The United Kingdom’s Ministry of Defence (MoD) announced the conclusion of its first bug bounty challenge with HackerOne. The Ministry of Defence program was a 30-day, hacker-powered security test aimed at surfacing vulnerabilities before they can be exploited by adversaries.
Following the recent U.K. Integrated Review, the U.K. government has called for “a more robust position on security and resilience” and “an emphasis on openness as a source of prosperity.” The MoD Challenge is part of an organization-wide commitment to build back a culture of transparency and collaboration around security to combat cyber threats and improve national security.
“The MoD has embraced a strategy of securing by design, with transparency being integral for identifying areas for improvement in the development process,” said Christine Maxwell, Chief Information Security Officer (CISO) at the MoD. “It is important for us to continue to push the boundaries with our digital and cyber development to attract personnel with skills, energy and commitment. Working with the ethical hacking community allows us to build out our bench of tech talent and bring more diverse perspectives to protect and defend our assets. Understanding where our vulnerabilities are and working with the wider ethical hacking community to identify and fix them is an essential step in reducing cyber risk and improving resilience.”
Bug bounty programs incentivize security research and the reporting of real-world security vulnerabilities in exchange for monetary rewards for qualified vulnerabilities. These programs are an industry best practice leveraged by the most mature governments and organizations across the world. By disclosing vulnerabilities to security teams, ethical hackers will help the Ministry of Defence secure its digital assets and defend against cyberattacks.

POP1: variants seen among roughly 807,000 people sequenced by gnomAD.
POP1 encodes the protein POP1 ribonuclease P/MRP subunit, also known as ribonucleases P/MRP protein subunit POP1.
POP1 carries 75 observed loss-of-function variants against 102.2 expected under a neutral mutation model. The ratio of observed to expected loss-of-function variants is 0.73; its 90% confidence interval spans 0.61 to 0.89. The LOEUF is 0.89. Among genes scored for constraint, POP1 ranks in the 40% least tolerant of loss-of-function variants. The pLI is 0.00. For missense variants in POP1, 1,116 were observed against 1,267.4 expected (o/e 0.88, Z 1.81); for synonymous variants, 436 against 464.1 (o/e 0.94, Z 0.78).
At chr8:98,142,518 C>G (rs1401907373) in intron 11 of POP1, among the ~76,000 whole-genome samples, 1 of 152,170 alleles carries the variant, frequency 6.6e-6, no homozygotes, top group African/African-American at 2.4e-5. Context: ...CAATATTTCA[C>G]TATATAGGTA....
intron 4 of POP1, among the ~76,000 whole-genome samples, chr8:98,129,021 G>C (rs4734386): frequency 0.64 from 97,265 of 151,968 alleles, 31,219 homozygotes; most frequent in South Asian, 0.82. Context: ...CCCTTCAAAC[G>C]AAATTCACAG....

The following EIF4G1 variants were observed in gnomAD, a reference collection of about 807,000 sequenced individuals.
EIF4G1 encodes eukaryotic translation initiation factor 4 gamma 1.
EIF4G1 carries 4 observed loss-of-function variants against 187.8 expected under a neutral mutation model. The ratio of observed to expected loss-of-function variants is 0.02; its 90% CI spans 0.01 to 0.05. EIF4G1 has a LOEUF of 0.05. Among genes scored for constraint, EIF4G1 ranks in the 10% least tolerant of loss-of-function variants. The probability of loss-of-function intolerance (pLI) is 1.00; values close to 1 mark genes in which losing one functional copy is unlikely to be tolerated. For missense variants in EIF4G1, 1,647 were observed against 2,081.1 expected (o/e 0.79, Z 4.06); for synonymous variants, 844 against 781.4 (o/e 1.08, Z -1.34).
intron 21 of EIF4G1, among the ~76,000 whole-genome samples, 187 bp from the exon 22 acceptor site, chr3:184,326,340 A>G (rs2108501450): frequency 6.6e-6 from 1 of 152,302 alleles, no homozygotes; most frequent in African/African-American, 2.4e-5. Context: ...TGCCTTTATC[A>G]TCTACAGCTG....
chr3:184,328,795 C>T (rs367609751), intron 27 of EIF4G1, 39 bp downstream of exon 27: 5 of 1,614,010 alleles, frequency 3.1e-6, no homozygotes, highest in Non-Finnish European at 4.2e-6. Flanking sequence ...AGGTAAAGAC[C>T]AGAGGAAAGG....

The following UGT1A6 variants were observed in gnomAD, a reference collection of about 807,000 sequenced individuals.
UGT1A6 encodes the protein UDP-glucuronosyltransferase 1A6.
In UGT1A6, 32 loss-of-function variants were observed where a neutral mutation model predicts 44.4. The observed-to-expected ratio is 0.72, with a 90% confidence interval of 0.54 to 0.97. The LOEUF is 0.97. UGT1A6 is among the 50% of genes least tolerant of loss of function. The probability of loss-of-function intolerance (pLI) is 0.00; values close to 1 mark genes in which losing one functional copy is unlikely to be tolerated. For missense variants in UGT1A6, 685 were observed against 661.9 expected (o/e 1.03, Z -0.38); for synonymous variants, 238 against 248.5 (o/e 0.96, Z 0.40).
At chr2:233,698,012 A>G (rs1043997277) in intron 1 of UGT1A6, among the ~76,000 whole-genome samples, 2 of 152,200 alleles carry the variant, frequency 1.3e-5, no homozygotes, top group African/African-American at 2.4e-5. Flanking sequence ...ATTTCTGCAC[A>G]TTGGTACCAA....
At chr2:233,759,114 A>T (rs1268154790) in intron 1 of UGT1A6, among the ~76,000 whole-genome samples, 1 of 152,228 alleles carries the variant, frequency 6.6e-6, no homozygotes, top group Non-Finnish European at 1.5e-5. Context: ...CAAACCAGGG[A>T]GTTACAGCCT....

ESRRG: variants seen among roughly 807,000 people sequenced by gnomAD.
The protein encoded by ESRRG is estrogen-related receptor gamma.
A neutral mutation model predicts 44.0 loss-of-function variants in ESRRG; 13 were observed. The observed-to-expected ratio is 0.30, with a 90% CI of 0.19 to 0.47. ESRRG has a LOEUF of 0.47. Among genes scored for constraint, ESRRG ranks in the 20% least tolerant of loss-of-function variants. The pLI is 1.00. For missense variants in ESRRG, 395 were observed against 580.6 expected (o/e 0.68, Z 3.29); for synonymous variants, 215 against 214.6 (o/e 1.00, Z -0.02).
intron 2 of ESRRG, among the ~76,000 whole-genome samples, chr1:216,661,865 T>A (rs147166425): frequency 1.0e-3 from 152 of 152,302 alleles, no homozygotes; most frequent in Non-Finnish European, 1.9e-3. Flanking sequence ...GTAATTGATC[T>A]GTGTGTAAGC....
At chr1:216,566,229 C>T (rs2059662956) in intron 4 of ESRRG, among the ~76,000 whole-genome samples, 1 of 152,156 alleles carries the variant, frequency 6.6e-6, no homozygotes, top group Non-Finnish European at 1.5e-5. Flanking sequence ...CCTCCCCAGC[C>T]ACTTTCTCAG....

This challenge is the latest example of the MoD’s willingness to pursue innovative and nontraditional approaches to ensure the capability and security of people, networks, and data. The MoD also calls for its “secure by design” principles to be adopted by its supply chain as it conducts audits to ensure compliance with DEFCON 658 and DefStan 05-138.
“It’s been proven that a closed and secretive approach to security doesn’t work well,” said Trevor Shingles a.k.a @sowhatsec, one of the 26 ethical hackers on the MoD’s program. “I focused on identifying authentication bypasses that would allow unauthorized users to access systems they shouldn’t. I successfully reported an OAuth misconfiguration, which would have allowed me to modify permissions and gain access, but instead was able to help the MoD fix and secure. For the MoD to be as open as it has with providing authorized access to their systems is a real testament that they are embracing all the tools at their disposal to really harden and secure their applications. This is a great example to set for not only the U.K., but for other countries to benchmark their own security practices against.”
“Governments worldwide are waking up to the fact that they can’t secure their immense digital environments with traditional security tools anymore,” says Marten Mickos, CEO of HackerOne. “Having a formalized process to accept vulnerabilities from third parties is widely considered best practice globally, with the U.S. government making it mandatory for their federal civilian agencies this year. The U.K. MoD is leading the way in the U.K. government with forward-thinking and collaborative solutions to securing its digital assets and I predict we will see more government agencies follow its example.”
Integrating with partners and allies contributes to the MoD’s aim of being digitally secure and cyber resilient and the bug bounty program aligns the MoD with its allies in the United States. The U.S. Department of Defense, the U.S. Army and the U.S. Air Force all collaborate with HackerOne’s ethical hacking community to make their software safer.